For years, Lucy, you didn’t have nursing help, and there had to have been days when your strength was so low that you were just crying out for something to change. That had to be just unbearable.

Lucy: It was, and I made a pact with myself that I would not cry in front of Charlie. I always wanted to be up. I remember the first time we were putting Charlie in the wheelchair. It was so difficult that I began to have this lump welling up in my throat. I went to the back of the van and I knelt down behind it and I cried out to God, “I cannot do this anymore.”

It was really miraculous, because right then and there, without truly understanding what it was to have a personal relationship with Jesus, the Lord absolutely enveloped me with this wonderful blanket of warmth, of comfort, of this peace that it was going to be okay. It was like this little void in me, in the center of me, was filled. And then really from that day forward the Lord gave me a new resolve that allowed me to go through everything and be calm. It was as if God had said, “This is your mission: to help Charlie, to keep him going, I have bigger plans.” Little did we know!

What has kept you so committed to each other?

Lucy: I think it goes back to the marriage vows-“for better or for worse.” Charlie and I were so blessed so early in our lives. I will never forget all those years being able to watch him as an athlete. As he began to deteriorate and was struggling with just staying alive, how can you abandon someone when you’ve made that commitment?

When a nurse expressed to us the difference that Jesus could make in our lives, finally I had that super strength that really was waiting for me all along. God’s unconditional love for us is reflected in our marriage, in our relationship with our children, and with our families. He has given us more joy today than I know we could have had with Charlie being healthy. We wouldn’t have recognized it.

It’s amazing what it takes to get your attention. Boy, the Lord had to whack us on the side of the head!

Charlie: Our marriage is a reflection of our relationship with God. To think of what He was willing to sacrifice for us, we should be willing to at least sacrifice for our spouse and our families.

What kind of a ministry has God given you?

Lucy: We have realized now that actually Charlie’s ALS is a blessing because God has allowed him to be a voice to share His message of hope and encouragement. If he had been a healthy person he wouldn’t have the impact. And so we go out now sharing that message, and it is because the Lord is not only blessing us with opportunities but we’ve received cards and letters and calls from people who are going through the most difficult, hurtful times. Not necessarily just an illness, not necessarily a marriage situation, but all kinds of difficult traumas, and they can see a light at the end of the tunnel knowing that we have been able to get through what most people would consider a tragedy, and we’re triumphing through it. They see there is hope through the Lord.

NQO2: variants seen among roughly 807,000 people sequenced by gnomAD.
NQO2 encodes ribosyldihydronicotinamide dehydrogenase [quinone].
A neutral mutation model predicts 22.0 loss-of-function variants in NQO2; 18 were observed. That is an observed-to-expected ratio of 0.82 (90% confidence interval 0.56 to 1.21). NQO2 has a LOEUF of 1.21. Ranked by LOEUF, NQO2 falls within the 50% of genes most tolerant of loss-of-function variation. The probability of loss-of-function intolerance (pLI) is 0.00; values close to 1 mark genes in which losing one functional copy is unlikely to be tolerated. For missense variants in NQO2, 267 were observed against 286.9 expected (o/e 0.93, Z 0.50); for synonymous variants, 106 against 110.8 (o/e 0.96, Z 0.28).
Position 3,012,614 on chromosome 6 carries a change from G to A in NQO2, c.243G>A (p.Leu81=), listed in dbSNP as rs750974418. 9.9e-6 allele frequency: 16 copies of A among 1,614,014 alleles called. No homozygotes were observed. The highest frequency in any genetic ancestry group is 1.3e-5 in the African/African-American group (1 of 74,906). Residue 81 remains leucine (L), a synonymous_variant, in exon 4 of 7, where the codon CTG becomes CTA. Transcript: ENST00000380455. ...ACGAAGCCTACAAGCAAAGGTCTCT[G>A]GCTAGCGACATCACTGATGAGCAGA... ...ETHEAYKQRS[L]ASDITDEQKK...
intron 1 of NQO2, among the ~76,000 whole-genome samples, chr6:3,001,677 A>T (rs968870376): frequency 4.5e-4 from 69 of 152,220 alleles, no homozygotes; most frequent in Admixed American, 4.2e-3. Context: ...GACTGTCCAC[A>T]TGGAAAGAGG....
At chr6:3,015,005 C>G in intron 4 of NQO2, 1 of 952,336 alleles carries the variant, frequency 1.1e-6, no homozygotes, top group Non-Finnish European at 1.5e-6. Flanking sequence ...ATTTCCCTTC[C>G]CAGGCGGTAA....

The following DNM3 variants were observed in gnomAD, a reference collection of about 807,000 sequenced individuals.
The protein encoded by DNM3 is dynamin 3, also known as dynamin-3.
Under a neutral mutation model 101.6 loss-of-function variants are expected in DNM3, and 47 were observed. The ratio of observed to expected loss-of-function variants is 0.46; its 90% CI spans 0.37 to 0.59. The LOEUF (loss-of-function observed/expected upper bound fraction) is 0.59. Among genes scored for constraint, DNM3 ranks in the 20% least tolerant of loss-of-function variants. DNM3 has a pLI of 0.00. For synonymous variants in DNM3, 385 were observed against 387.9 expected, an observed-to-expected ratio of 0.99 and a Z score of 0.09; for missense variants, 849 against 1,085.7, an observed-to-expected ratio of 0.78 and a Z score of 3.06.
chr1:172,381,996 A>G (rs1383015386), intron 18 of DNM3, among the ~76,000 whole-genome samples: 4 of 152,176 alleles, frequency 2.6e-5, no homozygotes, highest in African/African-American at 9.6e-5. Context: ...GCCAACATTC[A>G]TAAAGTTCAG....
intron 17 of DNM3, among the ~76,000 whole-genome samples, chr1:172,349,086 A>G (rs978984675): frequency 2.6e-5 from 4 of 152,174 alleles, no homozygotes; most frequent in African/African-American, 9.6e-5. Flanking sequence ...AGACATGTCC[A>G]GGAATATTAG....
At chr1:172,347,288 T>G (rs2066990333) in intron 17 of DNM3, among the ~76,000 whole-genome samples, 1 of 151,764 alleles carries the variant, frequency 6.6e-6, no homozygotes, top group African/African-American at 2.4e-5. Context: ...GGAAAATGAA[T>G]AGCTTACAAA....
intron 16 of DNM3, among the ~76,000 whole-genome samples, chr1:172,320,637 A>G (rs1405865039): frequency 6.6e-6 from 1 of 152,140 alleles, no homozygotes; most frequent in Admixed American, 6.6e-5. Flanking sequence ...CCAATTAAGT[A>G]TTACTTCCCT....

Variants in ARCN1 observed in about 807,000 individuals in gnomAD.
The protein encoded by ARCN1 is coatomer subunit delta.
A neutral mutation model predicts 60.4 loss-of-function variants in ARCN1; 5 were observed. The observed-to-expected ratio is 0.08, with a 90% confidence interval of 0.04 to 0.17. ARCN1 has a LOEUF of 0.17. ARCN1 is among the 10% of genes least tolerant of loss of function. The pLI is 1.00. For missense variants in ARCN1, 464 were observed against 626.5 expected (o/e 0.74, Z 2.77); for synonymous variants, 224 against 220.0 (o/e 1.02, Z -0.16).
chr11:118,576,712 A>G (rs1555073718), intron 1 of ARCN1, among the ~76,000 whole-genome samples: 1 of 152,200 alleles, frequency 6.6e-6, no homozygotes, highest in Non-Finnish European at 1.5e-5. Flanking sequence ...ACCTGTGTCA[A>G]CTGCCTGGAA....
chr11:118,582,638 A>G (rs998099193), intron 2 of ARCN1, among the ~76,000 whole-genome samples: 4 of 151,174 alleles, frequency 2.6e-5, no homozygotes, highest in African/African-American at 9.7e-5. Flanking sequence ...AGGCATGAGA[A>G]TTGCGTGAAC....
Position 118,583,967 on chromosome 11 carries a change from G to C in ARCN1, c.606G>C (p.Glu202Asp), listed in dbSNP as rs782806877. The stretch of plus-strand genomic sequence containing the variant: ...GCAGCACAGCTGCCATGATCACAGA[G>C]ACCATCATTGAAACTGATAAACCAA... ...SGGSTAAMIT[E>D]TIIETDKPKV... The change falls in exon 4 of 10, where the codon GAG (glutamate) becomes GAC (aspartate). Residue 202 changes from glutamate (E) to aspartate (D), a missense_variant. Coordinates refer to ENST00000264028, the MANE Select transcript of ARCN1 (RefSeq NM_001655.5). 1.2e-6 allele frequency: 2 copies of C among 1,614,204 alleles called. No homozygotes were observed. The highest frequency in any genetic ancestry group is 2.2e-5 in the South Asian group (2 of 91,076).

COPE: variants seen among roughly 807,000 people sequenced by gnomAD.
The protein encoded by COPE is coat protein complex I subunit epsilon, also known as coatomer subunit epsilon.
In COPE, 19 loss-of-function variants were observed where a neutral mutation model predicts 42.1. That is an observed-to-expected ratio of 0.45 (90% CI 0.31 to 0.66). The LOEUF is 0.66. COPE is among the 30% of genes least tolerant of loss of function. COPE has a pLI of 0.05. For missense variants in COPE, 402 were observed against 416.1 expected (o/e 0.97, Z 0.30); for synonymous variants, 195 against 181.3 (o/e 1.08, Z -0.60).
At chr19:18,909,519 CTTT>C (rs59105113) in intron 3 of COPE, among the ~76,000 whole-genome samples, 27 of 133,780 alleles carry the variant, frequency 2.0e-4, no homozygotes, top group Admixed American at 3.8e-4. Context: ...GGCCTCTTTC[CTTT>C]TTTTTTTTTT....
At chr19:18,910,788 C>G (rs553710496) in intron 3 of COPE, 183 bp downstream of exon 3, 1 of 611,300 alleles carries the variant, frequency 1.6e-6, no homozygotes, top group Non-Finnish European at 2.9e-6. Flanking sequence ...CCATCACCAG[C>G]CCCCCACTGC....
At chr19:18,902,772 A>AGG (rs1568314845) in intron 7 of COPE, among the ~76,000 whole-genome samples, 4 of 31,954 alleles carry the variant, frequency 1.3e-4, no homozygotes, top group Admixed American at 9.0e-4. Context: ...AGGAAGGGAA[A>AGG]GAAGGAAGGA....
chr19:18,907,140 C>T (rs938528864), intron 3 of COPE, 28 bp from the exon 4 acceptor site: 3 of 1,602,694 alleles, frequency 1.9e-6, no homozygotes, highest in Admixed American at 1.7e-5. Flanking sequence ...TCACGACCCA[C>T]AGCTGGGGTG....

Charlie: When we share at prisons I always tell the inmates that before becoming a Christian I felt as though I was a prisoner in my own body, and that I’d been given the death sentence. However, since accepting the Lord I now have the power of the Holy Spirit who gives me the peace and the comfort and the joy and especially the strength not to give up.

Lucy: If you think about it, life is terminal. None of us have any guarantee.

Charlie: It is only a matter of time before God calls any of us home. I am very fortunate because my disease has stabilized and it is only by the grace of God that I am able to move my facial muscles even though I can’t breathe or speak. God has given me that gift to do His work. I must say, since we travel so much all over the country speaking and sharing the Word of God, I am convinced that God has a great sense of humor sending me on a speaking tour when I cannot speak!